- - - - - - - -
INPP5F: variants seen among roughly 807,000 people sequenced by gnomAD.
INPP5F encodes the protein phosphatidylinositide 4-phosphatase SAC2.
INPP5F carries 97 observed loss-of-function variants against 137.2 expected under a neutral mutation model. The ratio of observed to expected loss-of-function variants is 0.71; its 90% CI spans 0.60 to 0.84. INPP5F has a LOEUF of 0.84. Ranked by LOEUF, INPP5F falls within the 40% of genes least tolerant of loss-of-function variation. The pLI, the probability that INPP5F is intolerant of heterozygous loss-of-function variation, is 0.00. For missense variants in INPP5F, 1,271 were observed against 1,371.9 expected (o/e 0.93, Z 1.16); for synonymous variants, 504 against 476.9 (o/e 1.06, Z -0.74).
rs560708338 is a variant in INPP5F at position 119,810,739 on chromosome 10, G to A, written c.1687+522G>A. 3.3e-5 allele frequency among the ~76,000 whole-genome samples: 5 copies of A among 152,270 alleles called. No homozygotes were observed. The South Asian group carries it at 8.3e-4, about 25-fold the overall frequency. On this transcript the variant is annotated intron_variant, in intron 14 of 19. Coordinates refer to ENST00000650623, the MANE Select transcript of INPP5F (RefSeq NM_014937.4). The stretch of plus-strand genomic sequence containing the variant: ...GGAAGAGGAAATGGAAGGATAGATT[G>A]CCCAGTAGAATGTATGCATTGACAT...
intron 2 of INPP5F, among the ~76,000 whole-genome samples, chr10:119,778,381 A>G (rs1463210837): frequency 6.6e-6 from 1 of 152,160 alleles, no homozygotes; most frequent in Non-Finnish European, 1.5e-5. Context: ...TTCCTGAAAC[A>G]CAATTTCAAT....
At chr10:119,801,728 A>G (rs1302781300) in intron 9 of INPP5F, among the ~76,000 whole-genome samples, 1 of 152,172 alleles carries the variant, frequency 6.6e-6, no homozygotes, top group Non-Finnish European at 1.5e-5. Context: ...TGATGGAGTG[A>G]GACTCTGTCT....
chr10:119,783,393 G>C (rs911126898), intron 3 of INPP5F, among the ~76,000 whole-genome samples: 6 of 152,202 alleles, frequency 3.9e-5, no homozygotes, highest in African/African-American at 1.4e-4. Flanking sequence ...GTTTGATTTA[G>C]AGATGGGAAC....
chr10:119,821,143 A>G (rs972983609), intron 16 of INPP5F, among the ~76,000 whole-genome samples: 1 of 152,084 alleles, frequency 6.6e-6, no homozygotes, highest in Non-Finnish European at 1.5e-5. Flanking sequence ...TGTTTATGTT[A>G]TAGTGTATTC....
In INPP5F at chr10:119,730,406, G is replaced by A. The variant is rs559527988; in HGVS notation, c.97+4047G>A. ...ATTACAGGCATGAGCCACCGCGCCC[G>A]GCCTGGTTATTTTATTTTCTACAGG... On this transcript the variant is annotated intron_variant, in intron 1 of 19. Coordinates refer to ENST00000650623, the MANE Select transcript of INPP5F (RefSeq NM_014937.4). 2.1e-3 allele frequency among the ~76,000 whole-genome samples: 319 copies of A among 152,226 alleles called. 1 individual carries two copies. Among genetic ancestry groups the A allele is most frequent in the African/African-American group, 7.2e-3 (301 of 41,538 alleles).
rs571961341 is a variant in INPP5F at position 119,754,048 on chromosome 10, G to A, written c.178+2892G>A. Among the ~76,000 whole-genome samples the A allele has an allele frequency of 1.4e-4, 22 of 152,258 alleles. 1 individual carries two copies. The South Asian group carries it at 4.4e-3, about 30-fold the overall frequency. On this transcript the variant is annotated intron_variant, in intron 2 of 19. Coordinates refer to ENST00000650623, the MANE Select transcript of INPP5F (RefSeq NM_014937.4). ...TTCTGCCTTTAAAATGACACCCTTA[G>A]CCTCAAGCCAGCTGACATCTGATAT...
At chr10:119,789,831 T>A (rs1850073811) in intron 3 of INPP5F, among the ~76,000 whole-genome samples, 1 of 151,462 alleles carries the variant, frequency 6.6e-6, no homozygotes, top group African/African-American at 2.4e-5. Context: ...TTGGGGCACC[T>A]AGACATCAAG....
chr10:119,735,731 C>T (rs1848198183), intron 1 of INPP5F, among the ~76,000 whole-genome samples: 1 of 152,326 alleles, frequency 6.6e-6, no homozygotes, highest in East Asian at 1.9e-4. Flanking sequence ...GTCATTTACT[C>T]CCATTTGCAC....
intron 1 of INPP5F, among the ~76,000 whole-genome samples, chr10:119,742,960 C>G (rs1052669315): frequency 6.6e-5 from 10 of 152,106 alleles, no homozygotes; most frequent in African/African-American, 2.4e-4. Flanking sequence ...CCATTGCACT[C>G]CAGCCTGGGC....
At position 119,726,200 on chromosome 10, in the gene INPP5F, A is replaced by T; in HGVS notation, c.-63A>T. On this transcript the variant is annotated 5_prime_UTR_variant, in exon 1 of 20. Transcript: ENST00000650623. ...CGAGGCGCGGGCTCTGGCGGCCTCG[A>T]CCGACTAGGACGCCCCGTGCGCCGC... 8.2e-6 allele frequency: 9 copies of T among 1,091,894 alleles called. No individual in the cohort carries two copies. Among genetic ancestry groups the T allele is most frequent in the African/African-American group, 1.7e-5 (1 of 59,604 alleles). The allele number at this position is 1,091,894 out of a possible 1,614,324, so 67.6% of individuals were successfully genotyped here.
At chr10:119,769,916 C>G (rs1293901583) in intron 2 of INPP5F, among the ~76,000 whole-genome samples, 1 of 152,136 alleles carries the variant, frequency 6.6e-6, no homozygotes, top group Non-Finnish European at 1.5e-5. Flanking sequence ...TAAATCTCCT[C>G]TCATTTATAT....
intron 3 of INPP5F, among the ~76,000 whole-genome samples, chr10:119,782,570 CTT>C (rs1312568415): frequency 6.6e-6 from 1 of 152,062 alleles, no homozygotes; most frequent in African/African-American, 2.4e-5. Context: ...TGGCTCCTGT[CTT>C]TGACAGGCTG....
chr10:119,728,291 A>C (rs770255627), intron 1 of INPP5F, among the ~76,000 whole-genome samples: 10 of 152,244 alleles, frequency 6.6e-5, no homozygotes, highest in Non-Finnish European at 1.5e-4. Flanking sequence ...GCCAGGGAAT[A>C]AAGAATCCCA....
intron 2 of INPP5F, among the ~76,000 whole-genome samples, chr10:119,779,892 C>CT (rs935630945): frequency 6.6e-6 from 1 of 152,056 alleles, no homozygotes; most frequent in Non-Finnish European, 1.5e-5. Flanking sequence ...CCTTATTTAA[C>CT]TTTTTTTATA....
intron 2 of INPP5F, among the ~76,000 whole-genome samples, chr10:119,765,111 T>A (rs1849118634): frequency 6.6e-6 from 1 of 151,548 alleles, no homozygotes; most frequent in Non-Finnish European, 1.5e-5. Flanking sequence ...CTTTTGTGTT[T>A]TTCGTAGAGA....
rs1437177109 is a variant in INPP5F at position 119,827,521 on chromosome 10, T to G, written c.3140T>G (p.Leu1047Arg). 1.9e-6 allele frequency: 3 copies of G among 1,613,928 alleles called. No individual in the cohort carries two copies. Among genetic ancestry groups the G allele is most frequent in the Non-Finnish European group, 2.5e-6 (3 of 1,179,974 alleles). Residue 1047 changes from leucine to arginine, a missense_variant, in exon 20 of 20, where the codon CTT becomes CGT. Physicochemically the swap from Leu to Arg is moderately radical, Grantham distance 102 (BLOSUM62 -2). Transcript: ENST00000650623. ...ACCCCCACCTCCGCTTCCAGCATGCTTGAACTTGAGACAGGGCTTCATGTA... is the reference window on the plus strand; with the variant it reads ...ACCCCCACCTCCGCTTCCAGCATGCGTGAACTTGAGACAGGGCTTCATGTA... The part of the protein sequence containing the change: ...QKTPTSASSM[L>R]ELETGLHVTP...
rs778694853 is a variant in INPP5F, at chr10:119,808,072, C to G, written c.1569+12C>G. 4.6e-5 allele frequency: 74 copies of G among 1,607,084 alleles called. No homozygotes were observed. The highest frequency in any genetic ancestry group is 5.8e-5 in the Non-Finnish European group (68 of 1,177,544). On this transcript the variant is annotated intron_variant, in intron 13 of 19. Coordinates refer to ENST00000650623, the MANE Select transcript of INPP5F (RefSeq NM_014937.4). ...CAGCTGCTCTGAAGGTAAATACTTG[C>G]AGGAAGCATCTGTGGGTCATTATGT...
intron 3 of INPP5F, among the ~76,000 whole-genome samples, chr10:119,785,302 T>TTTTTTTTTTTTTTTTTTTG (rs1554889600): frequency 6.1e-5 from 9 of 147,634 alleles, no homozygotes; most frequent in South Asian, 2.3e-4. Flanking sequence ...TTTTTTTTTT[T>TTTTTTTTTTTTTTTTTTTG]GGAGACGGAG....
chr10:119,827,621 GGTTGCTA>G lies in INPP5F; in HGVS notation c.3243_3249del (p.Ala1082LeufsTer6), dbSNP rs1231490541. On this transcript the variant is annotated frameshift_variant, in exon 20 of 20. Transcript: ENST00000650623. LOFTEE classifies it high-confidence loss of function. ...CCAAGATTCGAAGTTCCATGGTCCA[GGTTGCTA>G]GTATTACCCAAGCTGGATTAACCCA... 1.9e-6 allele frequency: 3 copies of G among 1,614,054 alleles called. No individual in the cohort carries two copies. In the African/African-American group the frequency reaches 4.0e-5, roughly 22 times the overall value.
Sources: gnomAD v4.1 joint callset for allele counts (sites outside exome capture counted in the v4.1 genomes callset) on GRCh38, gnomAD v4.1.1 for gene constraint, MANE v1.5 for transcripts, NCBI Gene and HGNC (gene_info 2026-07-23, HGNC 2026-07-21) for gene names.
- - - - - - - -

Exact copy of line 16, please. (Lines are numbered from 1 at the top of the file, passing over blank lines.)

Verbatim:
intron 3 of INPP5F, among the ~76,000 whole-genome samples, chr10:119,782,570 CTT>C (rs1312568415): frequency 6.6e-6 from 1 of 152,062 alleles, no homozygotes; most frequent in African/African-American, 2.4e-5. Context: ...TGGCTCCTGT[CTT>C]TGACAGGCTG....